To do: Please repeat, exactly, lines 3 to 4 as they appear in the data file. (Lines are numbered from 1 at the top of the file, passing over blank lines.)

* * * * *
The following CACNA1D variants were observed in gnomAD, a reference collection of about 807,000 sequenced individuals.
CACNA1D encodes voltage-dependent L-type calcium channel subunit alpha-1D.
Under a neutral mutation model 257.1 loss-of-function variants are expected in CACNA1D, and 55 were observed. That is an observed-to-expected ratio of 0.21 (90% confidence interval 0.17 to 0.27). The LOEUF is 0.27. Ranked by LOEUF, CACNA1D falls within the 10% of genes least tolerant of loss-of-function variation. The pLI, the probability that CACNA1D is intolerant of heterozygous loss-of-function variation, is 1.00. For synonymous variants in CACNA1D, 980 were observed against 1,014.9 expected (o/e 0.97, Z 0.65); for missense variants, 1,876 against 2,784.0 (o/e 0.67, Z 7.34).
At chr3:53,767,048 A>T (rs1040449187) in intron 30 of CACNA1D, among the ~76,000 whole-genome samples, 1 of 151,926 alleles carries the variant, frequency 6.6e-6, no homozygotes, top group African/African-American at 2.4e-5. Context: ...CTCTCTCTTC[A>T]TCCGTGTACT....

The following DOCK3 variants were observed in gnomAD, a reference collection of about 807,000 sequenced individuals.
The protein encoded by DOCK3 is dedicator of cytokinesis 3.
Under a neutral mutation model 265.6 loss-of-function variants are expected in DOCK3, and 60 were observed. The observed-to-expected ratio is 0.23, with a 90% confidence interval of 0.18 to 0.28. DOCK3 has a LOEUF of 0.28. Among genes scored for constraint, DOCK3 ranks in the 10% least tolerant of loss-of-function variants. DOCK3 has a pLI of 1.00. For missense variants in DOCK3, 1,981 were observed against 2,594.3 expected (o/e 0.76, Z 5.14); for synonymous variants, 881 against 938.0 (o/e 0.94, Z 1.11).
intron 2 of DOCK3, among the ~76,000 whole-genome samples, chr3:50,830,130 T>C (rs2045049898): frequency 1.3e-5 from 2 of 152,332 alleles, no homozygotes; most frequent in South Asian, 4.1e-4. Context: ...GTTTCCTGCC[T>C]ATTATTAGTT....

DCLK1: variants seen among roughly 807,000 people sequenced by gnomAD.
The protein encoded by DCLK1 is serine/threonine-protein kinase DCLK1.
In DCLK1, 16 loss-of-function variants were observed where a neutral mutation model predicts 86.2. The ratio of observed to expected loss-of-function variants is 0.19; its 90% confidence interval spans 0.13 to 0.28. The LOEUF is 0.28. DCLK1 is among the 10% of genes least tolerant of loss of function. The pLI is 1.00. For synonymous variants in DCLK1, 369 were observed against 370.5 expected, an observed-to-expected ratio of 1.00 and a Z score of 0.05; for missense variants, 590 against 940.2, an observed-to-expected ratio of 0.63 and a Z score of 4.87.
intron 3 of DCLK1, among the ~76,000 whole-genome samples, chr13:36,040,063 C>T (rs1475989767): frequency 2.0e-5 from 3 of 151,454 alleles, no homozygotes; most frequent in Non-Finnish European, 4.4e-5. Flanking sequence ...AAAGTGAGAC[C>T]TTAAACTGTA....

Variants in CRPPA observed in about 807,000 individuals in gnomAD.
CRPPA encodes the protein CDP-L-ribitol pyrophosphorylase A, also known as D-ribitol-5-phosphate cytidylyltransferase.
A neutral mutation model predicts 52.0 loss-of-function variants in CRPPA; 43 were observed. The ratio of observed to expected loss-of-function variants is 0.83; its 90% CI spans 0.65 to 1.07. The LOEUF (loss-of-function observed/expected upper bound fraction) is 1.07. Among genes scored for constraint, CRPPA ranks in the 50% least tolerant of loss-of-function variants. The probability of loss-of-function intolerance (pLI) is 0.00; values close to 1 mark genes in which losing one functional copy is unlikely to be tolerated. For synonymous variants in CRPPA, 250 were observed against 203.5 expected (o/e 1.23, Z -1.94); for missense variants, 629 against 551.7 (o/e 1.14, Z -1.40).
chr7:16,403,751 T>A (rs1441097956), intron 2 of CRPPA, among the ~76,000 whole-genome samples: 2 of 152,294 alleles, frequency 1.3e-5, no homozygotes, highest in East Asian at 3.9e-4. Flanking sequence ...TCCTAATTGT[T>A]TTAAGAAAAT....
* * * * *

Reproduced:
Under a neutral mutation model 257.1 loss-of-function variants are expected in CACNA1D, and 55 were observed. That is an observed-to-expected ratio of 0.21 (90% confidence interval 0.17 to 0.27). The LOEUF is 0.27. Ranked by LOEUF, CACNA1D falls within the 10% of genes least tolerant of loss-of-function variation. The pLI, the probability that CACNA1D is intolerant of heterozygous loss-of-function variation, is 1.00. For synonymous variants in CACNA1D, 980 were observed against 1,014.9 expected (o/e 0.97, Z 0.65); for missense variants, 1,876 against 2,784.0 (o/e 0.67, Z 7.34).
At chr3:53,767,048 A>T (rs1040449187) in intron 30 of CACNA1D, among the ~76,000 whole-genome samples, 1 of 151,926 alleles carries the variant, frequency 6.6e-6, no homozygotes, top group African/African-American at 2.4e-5. Context: ...CTCTCTCTTC[A>T]TCCGTGTACT....